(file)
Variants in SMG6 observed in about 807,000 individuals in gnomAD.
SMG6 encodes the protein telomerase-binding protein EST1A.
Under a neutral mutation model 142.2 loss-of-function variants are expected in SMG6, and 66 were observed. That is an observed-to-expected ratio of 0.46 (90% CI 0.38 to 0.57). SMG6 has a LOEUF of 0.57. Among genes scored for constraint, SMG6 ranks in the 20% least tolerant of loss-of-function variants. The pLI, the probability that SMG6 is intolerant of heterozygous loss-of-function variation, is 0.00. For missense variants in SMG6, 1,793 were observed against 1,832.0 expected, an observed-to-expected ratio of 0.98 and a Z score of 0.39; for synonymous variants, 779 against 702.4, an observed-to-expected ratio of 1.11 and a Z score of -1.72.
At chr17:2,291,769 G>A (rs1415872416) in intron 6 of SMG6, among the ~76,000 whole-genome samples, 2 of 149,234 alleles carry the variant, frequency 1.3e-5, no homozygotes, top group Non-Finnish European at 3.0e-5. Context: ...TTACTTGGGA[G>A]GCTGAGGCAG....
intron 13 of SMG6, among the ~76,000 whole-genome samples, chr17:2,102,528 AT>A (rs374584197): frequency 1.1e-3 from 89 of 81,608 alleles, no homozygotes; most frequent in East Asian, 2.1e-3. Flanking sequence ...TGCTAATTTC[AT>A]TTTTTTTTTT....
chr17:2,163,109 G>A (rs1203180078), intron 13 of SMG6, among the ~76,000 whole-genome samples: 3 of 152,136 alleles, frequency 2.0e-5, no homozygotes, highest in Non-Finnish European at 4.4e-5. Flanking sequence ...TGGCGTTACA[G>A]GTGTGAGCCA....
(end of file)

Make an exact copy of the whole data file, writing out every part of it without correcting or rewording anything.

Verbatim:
Variants in SMG6 observed in about 807,000 individuals in gnomAD.
SMG6 encodes the protein telomerase-binding protein EST1A.
Under a neutral mutation model 142.2 loss-of-function variants are expected in SMG6, and 66 were observed. That is an observed-to-expected ratio of 0.46 (90% CI 0.38 to 0.57). SMG6 has a LOEUF of 0.57. Among genes scored for constraint, SMG6 ranks in the 20% least tolerant of loss-of-function variants. The pLI, the probability that SMG6 is intolerant of heterozygous loss-of-function variation, is 0.00. For missense variants in SMG6, 1,793 were observed against 1,832.0 expected, an observed-to-expected ratio of 0.98 and a Z score of 0.39; for synonymous variants, 779 against 702.4, an observed-to-expected ratio of 1.11 and a Z score of -1.72.
At chr17:2,291,769 G>A (rs1415872416) in intron 6 of SMG6, among the ~76,000 whole-genome samples, 2 of 149,234 alleles carry the variant, frequency 1.3e-5, no homozygotes, top group Non-Finnish European at 3.0e-5. Context: ...TTACTTGGGA[G>A]GCTGAGGCAG....
intron 13 of SMG6, among the ~76,000 whole-genome samples, chr17:2,102,528 AT>A (rs374584197): frequency 1.1e-3 from 89 of 81,608 alleles, no homozygotes; most frequent in East Asian, 2.1e-3. Flanking sequence ...TGCTAATTTC[AT>A]TTTTTTTTTT....
chr17:2,163,109 G>A (rs1203180078), intron 13 of SMG6, among the ~76,000 whole-genome samples: 3 of 152,136 alleles, frequency 2.0e-5, no homozygotes, highest in Non-Finnish European at 4.4e-5. Flanking sequence ...TGGCGTTACA[G>A]GTGTGAGCCA....